Sir, – The fate of industrially farmed animals is one of the most pressing ethical questions of our time, with tens of billions of sentient beings, each with complex sensations and emotions, living and dying on a production line. Yet the media largely ignores the issue.
Why is this? Is it because of pressure from the powerful animal agriculture industry? Could it be explained by the fact that the majority of people who work in the media eat animals and are disinclined to go near the subject? Maybe it’s because what we do to farmed animals is so grotesque, so barbaric, so upsetting, that it crosses some invisible threshold that separates what is deemed acceptable to the general public, and what is not?
The scientific community has used its growing knowledge of animals to manipulate their lives more efficiently in order for humans to exploit them in ever greater numbers. Yet this same knowledge has demonstrated that farmed animals are sentient beings, with intricate social relations and sophisticated psychological patterns.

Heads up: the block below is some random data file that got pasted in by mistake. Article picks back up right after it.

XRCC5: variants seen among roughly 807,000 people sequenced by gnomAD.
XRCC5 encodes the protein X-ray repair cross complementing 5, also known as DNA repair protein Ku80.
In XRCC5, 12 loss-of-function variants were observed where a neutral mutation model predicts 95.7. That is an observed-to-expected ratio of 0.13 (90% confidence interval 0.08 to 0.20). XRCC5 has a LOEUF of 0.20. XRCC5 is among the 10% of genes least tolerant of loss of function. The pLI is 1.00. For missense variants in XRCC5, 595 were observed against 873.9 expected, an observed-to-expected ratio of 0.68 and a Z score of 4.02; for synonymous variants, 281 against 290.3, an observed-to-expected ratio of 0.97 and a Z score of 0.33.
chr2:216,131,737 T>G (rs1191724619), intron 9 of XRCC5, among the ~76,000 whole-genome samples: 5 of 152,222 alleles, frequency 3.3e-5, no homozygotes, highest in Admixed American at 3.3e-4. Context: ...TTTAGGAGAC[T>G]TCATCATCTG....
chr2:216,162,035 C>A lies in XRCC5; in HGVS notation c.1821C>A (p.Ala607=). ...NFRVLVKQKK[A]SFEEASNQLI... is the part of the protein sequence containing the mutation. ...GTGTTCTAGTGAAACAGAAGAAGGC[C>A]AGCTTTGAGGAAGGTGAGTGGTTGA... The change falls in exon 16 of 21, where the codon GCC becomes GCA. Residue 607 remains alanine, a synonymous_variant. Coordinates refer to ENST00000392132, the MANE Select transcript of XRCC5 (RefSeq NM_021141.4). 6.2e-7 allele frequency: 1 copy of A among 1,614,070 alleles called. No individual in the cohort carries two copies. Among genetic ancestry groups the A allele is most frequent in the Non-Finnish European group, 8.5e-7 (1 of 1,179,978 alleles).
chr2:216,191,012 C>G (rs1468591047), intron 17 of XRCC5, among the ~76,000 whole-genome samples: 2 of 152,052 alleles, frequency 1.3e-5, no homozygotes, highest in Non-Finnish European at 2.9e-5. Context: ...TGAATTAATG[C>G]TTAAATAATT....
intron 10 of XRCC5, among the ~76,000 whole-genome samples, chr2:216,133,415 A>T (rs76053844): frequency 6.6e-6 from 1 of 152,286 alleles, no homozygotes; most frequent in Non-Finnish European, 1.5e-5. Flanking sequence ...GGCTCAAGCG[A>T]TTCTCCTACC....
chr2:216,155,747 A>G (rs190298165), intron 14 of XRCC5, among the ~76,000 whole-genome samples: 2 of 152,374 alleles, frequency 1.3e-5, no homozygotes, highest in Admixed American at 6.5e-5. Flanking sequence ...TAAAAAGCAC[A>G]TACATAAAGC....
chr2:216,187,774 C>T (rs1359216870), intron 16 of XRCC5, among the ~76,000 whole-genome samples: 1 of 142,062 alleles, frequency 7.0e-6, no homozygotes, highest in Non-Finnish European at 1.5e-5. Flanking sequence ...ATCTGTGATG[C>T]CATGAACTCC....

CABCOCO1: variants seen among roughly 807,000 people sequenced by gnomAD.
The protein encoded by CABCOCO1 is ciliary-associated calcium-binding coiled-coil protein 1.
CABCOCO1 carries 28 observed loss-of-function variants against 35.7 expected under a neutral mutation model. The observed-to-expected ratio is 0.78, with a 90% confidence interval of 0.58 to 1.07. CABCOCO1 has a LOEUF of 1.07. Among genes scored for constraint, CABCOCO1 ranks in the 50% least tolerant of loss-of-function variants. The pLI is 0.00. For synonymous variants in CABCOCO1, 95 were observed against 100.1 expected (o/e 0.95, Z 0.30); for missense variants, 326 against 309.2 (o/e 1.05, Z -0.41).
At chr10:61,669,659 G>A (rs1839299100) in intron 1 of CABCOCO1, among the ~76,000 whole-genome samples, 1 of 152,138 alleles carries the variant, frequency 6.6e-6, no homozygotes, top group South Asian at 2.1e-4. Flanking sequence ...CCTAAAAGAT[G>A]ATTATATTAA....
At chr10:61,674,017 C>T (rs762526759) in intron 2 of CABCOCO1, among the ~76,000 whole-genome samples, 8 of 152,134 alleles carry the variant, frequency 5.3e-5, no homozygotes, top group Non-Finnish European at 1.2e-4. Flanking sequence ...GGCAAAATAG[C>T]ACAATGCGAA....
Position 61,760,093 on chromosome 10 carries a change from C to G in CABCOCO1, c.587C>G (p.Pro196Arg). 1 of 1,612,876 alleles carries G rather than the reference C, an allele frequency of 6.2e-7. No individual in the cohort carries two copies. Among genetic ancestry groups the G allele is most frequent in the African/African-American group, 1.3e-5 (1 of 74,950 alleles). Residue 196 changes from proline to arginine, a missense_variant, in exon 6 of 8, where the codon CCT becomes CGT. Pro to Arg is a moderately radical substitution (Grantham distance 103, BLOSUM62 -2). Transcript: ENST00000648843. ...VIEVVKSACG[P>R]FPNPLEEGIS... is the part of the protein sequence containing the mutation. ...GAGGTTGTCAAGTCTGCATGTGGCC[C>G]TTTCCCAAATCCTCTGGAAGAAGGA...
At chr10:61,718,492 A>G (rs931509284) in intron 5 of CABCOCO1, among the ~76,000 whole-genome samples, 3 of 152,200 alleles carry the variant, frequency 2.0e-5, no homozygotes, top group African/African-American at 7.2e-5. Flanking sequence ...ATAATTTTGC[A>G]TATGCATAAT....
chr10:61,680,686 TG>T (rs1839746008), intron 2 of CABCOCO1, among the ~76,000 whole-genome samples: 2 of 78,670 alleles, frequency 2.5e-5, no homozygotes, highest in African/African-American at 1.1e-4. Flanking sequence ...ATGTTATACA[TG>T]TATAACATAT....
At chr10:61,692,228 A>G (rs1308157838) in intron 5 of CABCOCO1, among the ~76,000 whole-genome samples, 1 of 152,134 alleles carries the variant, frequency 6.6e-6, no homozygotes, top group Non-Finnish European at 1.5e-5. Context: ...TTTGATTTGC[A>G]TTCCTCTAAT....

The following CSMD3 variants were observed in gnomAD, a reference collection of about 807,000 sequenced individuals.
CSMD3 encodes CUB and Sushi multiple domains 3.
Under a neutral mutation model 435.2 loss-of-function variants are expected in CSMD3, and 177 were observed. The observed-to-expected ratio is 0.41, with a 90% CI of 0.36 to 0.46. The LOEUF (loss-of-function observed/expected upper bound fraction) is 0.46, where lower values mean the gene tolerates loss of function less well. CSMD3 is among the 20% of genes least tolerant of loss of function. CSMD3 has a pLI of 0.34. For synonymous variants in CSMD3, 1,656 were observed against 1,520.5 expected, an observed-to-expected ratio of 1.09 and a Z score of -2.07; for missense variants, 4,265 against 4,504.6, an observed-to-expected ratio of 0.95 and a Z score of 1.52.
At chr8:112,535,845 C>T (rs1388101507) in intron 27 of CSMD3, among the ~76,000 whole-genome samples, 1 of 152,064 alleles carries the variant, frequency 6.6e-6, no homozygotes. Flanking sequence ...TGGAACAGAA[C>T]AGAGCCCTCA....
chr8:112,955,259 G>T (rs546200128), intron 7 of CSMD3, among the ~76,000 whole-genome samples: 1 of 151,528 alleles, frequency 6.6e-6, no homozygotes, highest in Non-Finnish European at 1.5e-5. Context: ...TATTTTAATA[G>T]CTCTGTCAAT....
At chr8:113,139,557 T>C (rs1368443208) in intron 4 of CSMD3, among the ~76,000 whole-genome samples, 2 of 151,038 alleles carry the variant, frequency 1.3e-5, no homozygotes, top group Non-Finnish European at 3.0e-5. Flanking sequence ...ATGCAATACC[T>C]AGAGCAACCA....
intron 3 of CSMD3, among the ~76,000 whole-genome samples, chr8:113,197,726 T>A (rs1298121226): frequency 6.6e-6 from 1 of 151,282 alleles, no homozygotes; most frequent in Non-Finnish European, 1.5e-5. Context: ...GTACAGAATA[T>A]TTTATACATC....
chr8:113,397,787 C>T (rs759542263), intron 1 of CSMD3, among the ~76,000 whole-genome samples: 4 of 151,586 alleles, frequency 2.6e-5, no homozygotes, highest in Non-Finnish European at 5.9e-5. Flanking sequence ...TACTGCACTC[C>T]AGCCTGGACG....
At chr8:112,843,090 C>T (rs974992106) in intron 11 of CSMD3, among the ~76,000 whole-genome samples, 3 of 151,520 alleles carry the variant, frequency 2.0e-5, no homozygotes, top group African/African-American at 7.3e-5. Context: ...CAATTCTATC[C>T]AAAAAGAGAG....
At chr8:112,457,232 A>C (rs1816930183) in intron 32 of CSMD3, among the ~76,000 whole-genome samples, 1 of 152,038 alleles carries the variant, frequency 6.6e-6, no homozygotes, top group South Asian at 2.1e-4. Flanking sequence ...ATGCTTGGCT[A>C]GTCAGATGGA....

With the help of vaccinations, medications, hormones, pesticides, central air-conditioning systems and automatic feeders, it is now possible to cram tens of thousands of chickens into sheds and produce meat and eggs with unprecedented efficiency.
Animals may not be as intelligent as us, but that, from an ethical viewpoint, is irrelevant: the fact that they can suffer, that they can experience pain and fear, loneliness and happiness – these are the yardsticks society should be using in order to devise a legislative framework that guarantees them a “life worth living”, as opposed to the horror story that is their lives at present. – Yours, etc,